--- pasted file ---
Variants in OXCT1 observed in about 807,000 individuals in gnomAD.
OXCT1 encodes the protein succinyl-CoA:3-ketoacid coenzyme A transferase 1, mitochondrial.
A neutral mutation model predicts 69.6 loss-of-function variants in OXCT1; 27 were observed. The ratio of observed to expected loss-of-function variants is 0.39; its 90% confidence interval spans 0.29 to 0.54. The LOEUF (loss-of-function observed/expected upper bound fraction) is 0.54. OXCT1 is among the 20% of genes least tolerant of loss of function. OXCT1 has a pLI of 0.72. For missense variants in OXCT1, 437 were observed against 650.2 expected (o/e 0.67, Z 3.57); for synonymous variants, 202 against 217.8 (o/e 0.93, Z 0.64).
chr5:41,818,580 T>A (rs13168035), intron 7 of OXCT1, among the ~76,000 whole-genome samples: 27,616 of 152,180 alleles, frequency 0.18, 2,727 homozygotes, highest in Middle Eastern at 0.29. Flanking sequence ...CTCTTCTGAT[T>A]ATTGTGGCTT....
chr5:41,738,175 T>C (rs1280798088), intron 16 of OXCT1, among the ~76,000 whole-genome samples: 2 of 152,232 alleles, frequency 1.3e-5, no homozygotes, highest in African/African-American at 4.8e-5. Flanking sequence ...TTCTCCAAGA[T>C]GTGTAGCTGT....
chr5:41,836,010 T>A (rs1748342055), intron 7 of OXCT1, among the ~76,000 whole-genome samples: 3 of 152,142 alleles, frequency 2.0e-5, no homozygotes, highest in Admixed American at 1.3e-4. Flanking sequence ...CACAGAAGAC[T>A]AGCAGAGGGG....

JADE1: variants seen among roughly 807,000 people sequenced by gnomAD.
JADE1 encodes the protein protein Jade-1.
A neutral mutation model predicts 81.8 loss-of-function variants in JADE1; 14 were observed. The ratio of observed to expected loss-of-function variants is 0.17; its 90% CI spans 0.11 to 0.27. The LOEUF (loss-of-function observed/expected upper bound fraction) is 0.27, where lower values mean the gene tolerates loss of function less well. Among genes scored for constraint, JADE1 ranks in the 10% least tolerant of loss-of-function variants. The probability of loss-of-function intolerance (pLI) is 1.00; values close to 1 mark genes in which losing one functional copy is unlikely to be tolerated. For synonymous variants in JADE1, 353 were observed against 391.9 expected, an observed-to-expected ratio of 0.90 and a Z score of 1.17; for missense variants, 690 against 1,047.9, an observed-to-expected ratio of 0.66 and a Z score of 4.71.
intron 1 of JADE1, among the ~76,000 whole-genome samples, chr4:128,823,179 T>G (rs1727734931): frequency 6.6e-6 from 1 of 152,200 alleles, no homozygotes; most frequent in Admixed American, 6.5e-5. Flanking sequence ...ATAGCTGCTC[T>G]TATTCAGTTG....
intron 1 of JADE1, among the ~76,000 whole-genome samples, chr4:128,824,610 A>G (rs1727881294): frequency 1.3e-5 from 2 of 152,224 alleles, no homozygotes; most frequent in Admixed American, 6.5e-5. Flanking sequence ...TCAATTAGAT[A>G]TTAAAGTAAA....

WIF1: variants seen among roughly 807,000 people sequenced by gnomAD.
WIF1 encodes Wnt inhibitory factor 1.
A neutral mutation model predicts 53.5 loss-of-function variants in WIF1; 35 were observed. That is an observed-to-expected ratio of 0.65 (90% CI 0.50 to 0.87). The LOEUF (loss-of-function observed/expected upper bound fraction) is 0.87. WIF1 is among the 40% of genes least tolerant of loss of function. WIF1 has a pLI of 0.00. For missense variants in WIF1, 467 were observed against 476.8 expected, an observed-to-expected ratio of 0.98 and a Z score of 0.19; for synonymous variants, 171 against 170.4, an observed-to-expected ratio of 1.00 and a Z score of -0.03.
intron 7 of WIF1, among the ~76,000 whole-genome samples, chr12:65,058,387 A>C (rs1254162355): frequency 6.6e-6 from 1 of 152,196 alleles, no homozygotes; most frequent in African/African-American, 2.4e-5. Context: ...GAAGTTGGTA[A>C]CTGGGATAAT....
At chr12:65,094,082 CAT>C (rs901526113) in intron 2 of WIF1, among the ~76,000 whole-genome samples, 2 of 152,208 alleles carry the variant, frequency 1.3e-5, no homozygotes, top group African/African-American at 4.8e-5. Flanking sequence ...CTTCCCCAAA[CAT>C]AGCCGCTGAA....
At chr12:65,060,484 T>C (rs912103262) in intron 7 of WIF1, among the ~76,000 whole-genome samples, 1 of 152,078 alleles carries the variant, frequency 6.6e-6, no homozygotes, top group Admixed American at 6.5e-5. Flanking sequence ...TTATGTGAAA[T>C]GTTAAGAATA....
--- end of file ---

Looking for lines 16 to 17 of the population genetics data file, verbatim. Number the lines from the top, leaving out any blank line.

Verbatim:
At chr12:65,094,082 CAT>C (rs901526113) in intron 2 of WIF1, among the ~76,000 whole-genome samples, 2 of 152,208 alleles carry the variant, frequency 1.3e-5, no homozygotes, top group African/African-American at 4.8e-5. Flanking sequence ...CTTCCCCAAA[CAT>C]AGCCGCTGAA....
At chr12:65,060,484 T>C (rs912103262) in intron 7 of WIF1, among the ~76,000 whole-genome samples, 1 of 152,078 alleles carries the variant, frequency 6.6e-6, no homozygotes, top group Admixed American at 6.5e-5. Flanking sequence ...TTATGTGAAA[T>C]GTTAAGAATA....